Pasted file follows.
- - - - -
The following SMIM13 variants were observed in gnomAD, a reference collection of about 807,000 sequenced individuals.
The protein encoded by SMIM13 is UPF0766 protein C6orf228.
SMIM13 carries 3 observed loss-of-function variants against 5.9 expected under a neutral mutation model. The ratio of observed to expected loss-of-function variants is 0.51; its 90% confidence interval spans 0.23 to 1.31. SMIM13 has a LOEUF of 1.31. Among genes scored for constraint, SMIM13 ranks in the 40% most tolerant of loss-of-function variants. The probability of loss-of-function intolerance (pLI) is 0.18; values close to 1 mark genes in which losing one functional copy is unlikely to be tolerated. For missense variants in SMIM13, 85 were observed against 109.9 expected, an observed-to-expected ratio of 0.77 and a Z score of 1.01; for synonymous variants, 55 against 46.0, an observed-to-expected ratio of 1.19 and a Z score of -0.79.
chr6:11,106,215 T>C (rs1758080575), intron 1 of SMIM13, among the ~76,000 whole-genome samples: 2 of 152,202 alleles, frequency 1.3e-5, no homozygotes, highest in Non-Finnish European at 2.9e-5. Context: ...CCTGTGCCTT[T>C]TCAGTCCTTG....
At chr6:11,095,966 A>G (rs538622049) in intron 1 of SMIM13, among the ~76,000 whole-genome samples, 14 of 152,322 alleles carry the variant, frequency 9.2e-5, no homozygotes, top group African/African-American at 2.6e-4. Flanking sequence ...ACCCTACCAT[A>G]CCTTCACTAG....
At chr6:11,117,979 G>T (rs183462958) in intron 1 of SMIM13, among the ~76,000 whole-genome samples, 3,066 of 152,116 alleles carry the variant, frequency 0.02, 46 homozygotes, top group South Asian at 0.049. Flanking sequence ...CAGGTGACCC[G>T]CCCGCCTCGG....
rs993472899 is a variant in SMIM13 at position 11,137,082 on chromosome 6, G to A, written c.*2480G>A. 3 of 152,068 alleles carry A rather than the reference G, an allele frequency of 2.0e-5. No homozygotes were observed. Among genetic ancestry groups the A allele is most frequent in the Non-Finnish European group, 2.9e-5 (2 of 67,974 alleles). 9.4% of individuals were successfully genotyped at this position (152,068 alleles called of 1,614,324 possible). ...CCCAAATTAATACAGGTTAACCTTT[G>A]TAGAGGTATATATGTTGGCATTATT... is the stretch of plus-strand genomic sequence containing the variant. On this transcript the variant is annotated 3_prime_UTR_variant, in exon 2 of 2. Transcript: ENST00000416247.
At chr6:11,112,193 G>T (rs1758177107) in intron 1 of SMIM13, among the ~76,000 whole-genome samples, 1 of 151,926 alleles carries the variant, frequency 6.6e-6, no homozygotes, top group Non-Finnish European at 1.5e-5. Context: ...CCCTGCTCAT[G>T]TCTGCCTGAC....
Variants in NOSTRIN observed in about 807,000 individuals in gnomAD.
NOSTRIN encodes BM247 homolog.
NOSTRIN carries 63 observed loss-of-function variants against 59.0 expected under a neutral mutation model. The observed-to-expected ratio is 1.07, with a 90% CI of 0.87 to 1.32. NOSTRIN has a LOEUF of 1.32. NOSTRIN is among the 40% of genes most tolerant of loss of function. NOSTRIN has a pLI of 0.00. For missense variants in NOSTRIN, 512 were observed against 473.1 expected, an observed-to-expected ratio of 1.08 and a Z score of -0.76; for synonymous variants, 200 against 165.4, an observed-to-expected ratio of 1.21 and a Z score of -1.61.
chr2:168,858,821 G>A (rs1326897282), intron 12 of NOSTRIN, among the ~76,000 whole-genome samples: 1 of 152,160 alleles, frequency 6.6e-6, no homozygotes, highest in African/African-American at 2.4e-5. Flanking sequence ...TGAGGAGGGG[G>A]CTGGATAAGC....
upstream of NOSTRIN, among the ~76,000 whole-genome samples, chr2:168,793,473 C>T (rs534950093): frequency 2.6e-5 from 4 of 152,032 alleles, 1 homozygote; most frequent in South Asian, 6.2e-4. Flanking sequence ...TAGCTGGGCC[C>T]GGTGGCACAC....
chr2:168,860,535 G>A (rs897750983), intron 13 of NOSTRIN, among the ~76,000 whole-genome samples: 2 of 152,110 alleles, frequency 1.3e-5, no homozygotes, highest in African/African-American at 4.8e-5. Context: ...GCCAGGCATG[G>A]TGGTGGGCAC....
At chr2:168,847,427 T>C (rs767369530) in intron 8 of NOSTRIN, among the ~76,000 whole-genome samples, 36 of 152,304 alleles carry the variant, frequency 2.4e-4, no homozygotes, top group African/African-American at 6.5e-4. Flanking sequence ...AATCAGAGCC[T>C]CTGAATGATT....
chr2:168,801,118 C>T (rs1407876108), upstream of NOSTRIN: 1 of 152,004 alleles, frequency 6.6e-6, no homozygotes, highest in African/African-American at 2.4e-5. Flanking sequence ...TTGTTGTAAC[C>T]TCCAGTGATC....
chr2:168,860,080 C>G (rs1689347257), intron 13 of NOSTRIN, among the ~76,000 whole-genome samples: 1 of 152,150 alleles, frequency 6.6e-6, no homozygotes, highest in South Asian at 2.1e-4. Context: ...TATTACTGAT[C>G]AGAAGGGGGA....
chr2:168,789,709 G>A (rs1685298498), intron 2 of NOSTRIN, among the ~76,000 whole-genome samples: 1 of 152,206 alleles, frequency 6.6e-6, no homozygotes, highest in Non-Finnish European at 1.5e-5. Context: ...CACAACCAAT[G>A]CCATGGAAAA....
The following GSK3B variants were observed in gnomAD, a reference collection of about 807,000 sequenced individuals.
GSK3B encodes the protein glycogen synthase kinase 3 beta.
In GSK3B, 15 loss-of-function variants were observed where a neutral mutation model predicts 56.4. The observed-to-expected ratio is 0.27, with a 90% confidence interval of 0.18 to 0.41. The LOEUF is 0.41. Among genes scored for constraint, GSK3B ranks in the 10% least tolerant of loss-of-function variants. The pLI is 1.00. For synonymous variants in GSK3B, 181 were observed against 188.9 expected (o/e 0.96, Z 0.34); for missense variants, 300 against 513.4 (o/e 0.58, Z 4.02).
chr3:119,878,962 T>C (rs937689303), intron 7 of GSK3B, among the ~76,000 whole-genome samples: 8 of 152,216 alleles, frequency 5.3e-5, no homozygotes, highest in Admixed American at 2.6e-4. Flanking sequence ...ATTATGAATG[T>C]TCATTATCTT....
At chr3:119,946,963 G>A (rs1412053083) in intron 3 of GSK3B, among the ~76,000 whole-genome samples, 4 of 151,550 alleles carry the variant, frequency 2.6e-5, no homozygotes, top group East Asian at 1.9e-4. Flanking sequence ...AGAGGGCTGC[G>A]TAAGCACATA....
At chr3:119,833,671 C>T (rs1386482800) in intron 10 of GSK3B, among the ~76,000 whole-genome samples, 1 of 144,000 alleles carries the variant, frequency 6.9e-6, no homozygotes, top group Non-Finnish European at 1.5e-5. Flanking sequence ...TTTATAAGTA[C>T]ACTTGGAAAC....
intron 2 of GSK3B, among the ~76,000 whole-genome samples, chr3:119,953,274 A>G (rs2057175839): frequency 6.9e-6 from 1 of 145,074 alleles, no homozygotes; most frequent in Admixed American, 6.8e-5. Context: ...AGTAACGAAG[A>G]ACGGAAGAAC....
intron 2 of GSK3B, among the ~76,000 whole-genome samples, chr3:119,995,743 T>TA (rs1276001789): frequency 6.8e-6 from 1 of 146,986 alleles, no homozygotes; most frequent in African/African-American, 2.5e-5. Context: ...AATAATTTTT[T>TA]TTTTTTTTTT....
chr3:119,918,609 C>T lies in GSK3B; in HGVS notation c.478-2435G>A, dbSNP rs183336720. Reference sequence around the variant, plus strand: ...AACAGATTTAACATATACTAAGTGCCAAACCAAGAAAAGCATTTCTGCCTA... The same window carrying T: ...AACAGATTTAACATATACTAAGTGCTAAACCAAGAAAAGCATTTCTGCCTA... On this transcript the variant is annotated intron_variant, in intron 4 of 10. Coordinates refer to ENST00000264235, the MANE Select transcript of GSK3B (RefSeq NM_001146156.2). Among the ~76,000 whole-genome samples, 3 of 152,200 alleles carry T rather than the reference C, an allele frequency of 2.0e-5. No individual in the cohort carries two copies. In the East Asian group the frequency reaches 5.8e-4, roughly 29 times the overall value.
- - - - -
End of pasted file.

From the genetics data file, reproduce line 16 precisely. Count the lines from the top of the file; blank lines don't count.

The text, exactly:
chr2:168,801,118 C>T (rs1407876108), upstream of NOSTRIN: 1 of 152,004 alleles, frequency 6.6e-6, no homozygotes, highest in African/African-American at 2.4e-5. Flanking sequence ...TTGTTGTAAC[C>T]TCCAGTGATC....